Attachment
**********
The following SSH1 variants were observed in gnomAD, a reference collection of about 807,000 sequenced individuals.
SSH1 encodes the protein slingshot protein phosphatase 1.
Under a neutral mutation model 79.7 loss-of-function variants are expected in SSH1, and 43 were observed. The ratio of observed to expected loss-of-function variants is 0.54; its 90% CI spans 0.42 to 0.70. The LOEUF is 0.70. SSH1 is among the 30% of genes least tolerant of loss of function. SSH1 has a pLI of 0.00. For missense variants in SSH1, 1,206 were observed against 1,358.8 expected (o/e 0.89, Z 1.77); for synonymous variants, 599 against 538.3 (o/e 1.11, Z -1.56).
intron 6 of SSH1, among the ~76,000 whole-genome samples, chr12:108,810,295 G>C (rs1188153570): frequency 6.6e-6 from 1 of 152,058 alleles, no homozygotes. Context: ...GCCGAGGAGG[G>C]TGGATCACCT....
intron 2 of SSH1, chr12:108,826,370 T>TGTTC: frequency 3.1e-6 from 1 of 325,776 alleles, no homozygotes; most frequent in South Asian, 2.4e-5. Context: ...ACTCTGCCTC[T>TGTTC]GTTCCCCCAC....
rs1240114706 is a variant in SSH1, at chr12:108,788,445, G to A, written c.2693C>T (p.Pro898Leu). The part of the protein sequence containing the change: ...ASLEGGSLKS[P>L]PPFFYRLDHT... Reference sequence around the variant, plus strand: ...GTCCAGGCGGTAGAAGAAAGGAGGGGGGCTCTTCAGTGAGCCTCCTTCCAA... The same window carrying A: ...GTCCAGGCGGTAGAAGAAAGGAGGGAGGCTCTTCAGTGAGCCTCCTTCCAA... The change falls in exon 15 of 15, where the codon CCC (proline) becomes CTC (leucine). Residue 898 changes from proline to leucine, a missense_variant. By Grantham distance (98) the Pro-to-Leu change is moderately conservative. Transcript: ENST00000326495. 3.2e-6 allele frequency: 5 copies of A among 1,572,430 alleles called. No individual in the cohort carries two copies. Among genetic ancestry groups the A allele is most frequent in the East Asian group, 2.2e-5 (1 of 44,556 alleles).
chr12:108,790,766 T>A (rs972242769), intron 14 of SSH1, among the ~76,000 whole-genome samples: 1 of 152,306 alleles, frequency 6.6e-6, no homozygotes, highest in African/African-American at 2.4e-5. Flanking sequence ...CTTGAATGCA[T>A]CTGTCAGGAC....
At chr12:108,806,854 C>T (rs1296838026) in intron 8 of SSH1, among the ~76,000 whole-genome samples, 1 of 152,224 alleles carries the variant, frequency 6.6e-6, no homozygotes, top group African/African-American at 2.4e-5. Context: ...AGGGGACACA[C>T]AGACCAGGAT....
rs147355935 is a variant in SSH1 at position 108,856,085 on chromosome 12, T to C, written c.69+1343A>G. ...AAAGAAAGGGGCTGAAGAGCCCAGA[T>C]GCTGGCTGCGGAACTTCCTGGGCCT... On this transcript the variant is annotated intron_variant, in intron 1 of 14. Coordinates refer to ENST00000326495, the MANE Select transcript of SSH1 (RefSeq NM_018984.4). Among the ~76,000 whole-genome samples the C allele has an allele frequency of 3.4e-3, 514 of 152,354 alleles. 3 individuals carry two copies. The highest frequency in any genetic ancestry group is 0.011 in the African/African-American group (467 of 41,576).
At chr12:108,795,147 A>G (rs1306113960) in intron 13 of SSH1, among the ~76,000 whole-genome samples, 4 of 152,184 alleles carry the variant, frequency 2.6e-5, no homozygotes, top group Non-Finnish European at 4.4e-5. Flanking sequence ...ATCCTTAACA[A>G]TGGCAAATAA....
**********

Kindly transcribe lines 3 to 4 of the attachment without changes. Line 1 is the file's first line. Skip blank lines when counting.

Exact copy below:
Under a neutral mutation model 79.7 loss-of-function variants are expected in SSH1, and 43 were observed. The ratio of observed to expected loss-of-function variants is 0.54; its 90% CI spans 0.42 to 0.70. The LOEUF is 0.70. SSH1 is among the 30% of genes least tolerant of loss of function. SSH1 has a pLI of 0.00. For missense variants in SSH1, 1,206 were observed against 1,358.8 expected (o/e 0.89, Z 1.77); for synonymous variants, 599 against 538.3 (o/e 1.11, Z -1.56).
intron 6 of SSH1, among the ~76,000 whole-genome samples, chr12:108,810,295 G>C (rs1188153570): frequency 6.6e-6 from 1 of 152,058 alleles, no homozygotes. Context: ...GCCGAGGAGG[G>C]TGGATCACCT....